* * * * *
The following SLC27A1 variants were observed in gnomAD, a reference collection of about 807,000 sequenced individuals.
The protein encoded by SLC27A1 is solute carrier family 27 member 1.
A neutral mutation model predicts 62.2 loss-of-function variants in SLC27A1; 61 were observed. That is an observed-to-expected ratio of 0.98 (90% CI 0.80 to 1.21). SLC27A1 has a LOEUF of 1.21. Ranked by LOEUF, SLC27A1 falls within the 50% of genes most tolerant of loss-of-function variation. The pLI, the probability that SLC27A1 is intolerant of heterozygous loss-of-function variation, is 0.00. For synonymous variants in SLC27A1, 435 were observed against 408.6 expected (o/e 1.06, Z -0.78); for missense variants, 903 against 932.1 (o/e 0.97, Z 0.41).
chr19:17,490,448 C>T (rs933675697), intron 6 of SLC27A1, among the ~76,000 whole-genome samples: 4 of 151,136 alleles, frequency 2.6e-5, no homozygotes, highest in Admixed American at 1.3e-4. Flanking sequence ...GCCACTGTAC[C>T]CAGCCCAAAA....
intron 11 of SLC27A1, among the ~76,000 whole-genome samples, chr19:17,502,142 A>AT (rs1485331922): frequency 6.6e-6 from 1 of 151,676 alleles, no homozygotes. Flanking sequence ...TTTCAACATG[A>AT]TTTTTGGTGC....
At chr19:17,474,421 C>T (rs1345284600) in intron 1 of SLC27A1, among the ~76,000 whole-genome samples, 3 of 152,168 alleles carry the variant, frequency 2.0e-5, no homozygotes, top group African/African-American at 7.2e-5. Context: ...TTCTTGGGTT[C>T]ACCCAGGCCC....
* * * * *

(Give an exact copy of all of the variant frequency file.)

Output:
The following SLC27A1 variants were observed in gnomAD, a reference collection of about 807,000 sequenced individuals.
The protein encoded by SLC27A1 is solute carrier family 27 member 1.
A neutral mutation model predicts 62.2 loss-of-function variants in SLC27A1; 61 were observed. That is an observed-to-expected ratio of 0.98 (90% CI 0.80 to 1.21). SLC27A1 has a LOEUF of 1.21. Ranked by LOEUF, SLC27A1 falls within the 50% of genes most tolerant of loss-of-function variation. The pLI, the probability that SLC27A1 is intolerant of heterozygous loss-of-function variation, is 0.00. For synonymous variants in SLC27A1, 435 were observed against 408.6 expected (o/e 1.06, Z -0.78); for missense variants, 903 against 932.1 (o/e 0.97, Z 0.41).
chr19:17,490,448 C>T (rs933675697), intron 6 of SLC27A1, among the ~76,000 whole-genome samples: 4 of 151,136 alleles, frequency 2.6e-5, no homozygotes, highest in Admixed American at 1.3e-4. Flanking sequence ...GCCACTGTAC[C>T]CAGCCCAAAA....
intron 11 of SLC27A1, among the ~76,000 whole-genome samples, chr19:17,502,142 A>AT (rs1485331922): frequency 6.6e-6 from 1 of 151,676 alleles, no homozygotes. Flanking sequence ...TTTCAACATG[A>AT]TTTTTGGTGC....
At chr19:17,474,421 C>T (rs1345284600) in intron 1 of SLC27A1, among the ~76,000 whole-genome samples, 3 of 152,168 alleles carry the variant, frequency 2.0e-5, no homozygotes, top group African/African-American at 7.2e-5. Context: ...TTCTTGGGTT[C>T]ACCCAGGCCC....